Instead, every few months, a new survey announces that reality is on its way out. Last March, an Insider Advantage survey found that “67 percent of Americans” were “becoming tired of so-called reality programs.” This year, a survey by Circuit City concluded that 58 percent of viewers are “getting tired” of reality TV. (What are they excited about? Why, HDTV, of course — they just can’t wait to purchase their new HDTV-capable sets!) Can you expect accurate results when you ask people if they’re “getting tired” of anything? But even while many people take their cue from the media and bemoan the evils of reality, they’re still watching. Just as there are those who claim to read Penthouse for the fine articles, no matter how “sad, rather than engaging” reality TV might be, audiences have yet to drop off as predicted.

“Reality TV is not going away,” says Marc Berman, television analyst for Mediaweek. “This summer, reality dominated. In terms of total viewers during the regular season, three of the top five shows ["The Apprentice," "American Idol" and "Survivor"] were reality shows.” Berman predicts that we’ll see these same reality shows pull in big numbers in the fall, along with frequent time-slot winners like “The Bachelor” and whichever new reality programs draw in big audiences. “The bottom line is that the genre is absolutely exploding,” Berman says.

Instead of writing off millions of viewers as the unenlightened consumers of lowbrow entertainment, shouldn’t we ask why they’re attracted to reality TV in the first place?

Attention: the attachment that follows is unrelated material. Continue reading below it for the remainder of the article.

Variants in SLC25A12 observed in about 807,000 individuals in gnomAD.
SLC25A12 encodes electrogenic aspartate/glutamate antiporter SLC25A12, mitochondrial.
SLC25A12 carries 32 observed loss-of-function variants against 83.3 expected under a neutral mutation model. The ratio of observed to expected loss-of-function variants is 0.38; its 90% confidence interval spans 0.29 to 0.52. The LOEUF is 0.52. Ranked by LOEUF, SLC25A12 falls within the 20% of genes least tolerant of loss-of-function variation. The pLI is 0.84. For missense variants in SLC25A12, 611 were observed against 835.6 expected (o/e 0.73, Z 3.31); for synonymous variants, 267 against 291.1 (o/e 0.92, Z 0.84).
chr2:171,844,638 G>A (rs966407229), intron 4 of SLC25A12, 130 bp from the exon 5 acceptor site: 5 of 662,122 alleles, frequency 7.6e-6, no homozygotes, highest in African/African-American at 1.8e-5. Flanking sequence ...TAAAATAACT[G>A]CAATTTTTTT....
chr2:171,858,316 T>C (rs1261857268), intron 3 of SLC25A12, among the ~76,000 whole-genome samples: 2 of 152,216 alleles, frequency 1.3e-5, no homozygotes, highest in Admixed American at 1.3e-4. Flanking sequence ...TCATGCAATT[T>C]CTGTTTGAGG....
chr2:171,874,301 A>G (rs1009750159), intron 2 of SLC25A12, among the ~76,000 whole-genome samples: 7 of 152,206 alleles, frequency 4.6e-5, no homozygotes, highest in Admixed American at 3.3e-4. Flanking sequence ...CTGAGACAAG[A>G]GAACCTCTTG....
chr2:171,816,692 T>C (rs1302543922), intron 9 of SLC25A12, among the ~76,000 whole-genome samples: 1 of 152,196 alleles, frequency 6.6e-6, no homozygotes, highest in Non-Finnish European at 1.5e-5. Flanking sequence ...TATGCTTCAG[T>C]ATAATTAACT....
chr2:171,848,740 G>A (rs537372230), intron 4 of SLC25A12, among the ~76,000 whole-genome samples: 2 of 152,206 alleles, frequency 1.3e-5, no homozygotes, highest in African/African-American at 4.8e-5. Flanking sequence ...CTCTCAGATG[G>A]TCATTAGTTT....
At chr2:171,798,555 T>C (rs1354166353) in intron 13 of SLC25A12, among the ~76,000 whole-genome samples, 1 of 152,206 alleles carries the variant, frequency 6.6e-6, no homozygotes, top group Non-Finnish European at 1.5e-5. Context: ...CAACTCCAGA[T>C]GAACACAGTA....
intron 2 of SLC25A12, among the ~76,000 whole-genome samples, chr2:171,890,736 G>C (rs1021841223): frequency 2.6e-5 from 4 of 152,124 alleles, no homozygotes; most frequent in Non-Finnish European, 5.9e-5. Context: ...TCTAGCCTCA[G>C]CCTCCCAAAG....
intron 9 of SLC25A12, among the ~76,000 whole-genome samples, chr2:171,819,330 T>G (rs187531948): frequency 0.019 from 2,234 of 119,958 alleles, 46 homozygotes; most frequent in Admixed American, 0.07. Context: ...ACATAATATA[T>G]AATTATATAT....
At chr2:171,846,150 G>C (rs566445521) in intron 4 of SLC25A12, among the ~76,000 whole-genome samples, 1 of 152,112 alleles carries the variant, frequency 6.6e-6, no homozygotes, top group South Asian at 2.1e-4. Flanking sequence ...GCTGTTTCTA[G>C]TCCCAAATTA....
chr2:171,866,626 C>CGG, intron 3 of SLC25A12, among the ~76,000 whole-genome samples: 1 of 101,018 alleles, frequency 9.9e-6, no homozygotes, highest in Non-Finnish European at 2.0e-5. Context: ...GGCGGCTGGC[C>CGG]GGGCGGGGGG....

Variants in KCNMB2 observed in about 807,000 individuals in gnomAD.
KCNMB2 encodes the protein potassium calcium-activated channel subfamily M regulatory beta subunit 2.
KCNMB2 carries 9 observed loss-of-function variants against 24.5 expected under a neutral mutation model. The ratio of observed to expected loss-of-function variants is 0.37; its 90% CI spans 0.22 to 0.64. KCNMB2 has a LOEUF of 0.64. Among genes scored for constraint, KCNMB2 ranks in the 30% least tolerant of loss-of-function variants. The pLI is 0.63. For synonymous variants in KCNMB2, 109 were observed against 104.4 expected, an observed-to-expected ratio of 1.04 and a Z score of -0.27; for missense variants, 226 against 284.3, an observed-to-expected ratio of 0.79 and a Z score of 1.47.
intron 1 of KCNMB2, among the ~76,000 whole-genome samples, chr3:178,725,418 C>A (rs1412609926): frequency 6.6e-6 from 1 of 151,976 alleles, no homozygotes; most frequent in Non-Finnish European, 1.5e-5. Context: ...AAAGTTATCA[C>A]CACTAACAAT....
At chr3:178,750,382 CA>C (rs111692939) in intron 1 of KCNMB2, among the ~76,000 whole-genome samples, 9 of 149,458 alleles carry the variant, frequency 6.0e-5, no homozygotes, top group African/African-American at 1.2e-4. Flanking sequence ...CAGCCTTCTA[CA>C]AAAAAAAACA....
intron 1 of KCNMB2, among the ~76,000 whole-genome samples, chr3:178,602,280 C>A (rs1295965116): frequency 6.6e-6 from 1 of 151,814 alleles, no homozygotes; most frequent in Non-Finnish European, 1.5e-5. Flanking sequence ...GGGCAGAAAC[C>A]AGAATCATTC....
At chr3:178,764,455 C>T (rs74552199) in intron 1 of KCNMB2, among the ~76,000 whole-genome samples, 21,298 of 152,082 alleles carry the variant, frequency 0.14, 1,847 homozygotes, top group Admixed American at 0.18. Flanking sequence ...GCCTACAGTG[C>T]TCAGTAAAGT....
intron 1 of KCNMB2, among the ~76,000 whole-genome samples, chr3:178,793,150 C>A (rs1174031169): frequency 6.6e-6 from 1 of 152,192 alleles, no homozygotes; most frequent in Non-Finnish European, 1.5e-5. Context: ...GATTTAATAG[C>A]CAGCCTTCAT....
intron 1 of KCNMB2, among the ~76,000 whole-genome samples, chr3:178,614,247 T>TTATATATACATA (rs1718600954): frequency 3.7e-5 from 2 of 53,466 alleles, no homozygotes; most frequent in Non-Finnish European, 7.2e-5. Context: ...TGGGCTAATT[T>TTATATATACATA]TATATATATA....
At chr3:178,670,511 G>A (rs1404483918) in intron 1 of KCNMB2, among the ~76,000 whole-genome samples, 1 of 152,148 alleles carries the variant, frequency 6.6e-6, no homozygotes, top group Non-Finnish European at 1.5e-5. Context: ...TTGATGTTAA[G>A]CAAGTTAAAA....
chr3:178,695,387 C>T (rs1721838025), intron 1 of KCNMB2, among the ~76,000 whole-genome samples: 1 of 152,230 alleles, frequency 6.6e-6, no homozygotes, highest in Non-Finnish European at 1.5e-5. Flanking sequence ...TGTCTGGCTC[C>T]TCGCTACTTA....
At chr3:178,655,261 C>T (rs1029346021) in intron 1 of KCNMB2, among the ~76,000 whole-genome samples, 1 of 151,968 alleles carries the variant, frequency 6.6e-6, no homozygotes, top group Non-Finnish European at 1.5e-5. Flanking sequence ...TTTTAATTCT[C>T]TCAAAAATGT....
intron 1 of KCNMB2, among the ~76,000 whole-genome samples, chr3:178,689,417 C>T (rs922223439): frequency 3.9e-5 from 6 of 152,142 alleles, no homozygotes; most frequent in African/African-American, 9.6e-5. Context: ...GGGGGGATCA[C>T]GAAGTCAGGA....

First of all, viewers have been exposed to the same half-hour and hour episodic plot structures, implemented in roughly the same ways, for decades now, setting the stage for a less conventional format. Even once-groundbreaking, high-quality dramas like “ER” and “The West Wing” have evolved into parodies of themselves, with all the usual suspects striding through halls and corridors, spitting out the same clever quips until the next big tragedy hits. Meanwhile, traditional sitcoms are faring even worse, as the networks spend millions each fall to develop shows that don’t stick. While those in the industry bemoan the fact that the networks have whittled their sitcom offerings down to two or three shows, that makes perfect sense when you recognize how bad TV executives have been at locating genuinely good shows, and how expensive it is just to develop a handful of episodes. “Two and a Half Men,” one of the only new sitcoms from last fall to make it to another season, is considered a hit, yet it’s not remotely funny. And the best sitcoms — “Everybody Loves Raymond,” “Will & Grace” and “That ’70s Show” — are all winding down, with one-half (“Raymond”) to two years left in them, at most.